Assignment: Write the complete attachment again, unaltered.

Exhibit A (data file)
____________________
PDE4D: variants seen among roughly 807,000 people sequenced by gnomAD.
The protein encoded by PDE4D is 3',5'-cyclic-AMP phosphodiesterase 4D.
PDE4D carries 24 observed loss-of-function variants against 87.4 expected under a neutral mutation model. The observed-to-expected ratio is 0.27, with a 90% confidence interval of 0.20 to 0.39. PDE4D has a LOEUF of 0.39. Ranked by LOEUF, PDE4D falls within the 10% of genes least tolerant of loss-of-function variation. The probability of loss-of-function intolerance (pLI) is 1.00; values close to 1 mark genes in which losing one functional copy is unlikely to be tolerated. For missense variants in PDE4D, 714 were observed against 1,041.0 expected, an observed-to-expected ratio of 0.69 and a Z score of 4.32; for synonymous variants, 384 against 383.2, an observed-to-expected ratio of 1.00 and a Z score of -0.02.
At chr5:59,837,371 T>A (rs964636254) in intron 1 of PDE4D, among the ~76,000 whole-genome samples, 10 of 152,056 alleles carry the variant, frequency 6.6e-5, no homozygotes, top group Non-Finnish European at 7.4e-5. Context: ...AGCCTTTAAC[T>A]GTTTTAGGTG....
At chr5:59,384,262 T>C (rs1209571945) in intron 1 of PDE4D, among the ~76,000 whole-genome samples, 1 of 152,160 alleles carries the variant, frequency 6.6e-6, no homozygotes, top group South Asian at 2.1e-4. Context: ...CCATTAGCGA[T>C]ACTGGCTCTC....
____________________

PDE4D: variants seen among roughly 807,000 people sequenced by gnomAD.
The protein encoded by PDE4D is 3',5'-cyclic-AMP phosphodiesterase 4D.
PDE4D carries 24 observed loss-of-function variants against 87.4 expected under a neutral mutation model. The observed-to-expected ratio is 0.27, with a 90% confidence interval of 0.20 to 0.39. PDE4D has a LOEUF of 0.39. Ranked by LOEUF, PDE4D falls within the 10% of genes least tolerant of loss-of-function variation. The probability of loss-of-function intolerance (pLI) is 1.00; values close to 1 mark genes in which losing one functional copy is unlikely to be tolerated. For missense variants in PDE4D, 714 were observed against 1,041.0 expected, an observed-to-expected ratio of 0.69 and a Z score of 4.32; for synonymous variants, 384 against 383.2, an observed-to-expected ratio of 1.00 and a Z score of -0.02.
At chr5:59,837,371 T>A (rs964636254) in intron 1 of PDE4D, among the ~76,000 whole-genome samples, 10 of 152,056 alleles carry the variant, frequency 6.6e-5, no homozygotes, top group Non-Finnish European at 7.4e-5. Context: ...AGCCTTTAAC[T>A]GTTTTAGGTG....
At chr5:59,384,262 T>C (rs1209571945) in intron 1 of PDE4D, among the ~76,000 whole-genome samples, 1 of 152,160 alleles carries the variant, frequency 6.6e-6, no homozygotes, top group South Asian at 2.1e-4. Context: ...CCATTAGCGA[T>C]ACTGGCTCTC....